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Object ID #18468717

This is a Drawing. We acquired it in 1969. Its medium is black crayon, stumped, pen and black ink, brush and black wash, varnish on illustration board. It is a part of the Drawings, Prints, and Graphic Design department.

The skyscraper, symbol of New York City and emblem of American culture, is envisioned in this charismatic architectural rendering by Hugh Ferriss, one of a series of four drawings that show how the city's landmark 1916 "set-back" law would produce the stepped architectural silhouette now familiar from iconic structures such as the Waldorf Astoria and the Empire State Building. The limitations imposed on maximum mass were designed to allow light into city streets, and to allay public fears that the new monoliths would turn city streets into canyons of darkness.

This object was featured in our Object of the Day series in a post titled Mod Metropolis.

Our curators have highlighted 8 objects that are related to this one. Here are three of them, selected at random:

Cite this object as

Object ID #18468717; USA; black crayon, stumped, pen and black ink, brush and black wash, varnish on illustration board; 1969-137-4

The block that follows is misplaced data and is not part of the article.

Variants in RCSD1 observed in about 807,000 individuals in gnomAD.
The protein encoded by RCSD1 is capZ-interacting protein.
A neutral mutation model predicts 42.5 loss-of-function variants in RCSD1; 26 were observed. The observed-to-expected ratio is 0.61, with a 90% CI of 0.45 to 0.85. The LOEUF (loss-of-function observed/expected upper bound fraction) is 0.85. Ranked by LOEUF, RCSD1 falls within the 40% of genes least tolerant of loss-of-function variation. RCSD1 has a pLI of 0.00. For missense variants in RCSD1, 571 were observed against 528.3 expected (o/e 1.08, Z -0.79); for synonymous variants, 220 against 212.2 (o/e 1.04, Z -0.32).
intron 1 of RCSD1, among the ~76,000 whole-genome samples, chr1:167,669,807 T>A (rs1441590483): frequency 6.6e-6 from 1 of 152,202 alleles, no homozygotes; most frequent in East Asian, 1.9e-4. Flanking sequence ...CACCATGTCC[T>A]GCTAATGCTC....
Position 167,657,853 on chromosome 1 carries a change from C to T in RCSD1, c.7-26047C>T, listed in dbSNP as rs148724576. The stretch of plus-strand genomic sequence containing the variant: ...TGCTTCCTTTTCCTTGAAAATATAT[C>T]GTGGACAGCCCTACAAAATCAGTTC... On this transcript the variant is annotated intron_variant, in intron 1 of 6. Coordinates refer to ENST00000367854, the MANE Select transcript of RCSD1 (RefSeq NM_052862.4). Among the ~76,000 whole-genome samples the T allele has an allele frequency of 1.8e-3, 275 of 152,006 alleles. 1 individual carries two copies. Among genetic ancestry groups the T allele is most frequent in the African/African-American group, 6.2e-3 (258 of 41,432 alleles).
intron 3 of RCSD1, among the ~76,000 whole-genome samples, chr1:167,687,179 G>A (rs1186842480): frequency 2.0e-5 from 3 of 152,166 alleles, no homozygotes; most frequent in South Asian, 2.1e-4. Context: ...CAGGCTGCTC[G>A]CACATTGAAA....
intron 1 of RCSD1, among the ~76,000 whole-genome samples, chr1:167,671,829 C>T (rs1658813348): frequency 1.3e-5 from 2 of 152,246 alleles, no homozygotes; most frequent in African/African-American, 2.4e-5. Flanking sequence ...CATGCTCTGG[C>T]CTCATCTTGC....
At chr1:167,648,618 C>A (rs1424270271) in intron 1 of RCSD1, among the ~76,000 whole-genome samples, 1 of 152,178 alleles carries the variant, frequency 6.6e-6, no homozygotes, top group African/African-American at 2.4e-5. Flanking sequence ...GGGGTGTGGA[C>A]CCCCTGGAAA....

We have 1 media file that features Object ID #18468717.

"Sugar Foot Stomp," Fletcher Henderson and His Orchestra (1925)

The Hugh Ferriss drawing, Study for Maximum Mass Permitted by the 1916 New York Zoning Law, Stage 4 seemed to call out for the Fletcher Henderson Orchestra with Louis Armstrong. In “Sugar Foot...

This object was previously on display as a part of the exhibitions The Jazz Age: American Style in the 1920sMaking Design and The Cooper-Hewitt Collections: A Design Resource.

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<ref name=CH>{{cite web |url= |title=Object ID #18468717 |author=Cooper Hewitt, Smithsonian Design Museum |accessdate=17 January 2020 |publisher=Smithsonian Institution}}</ref>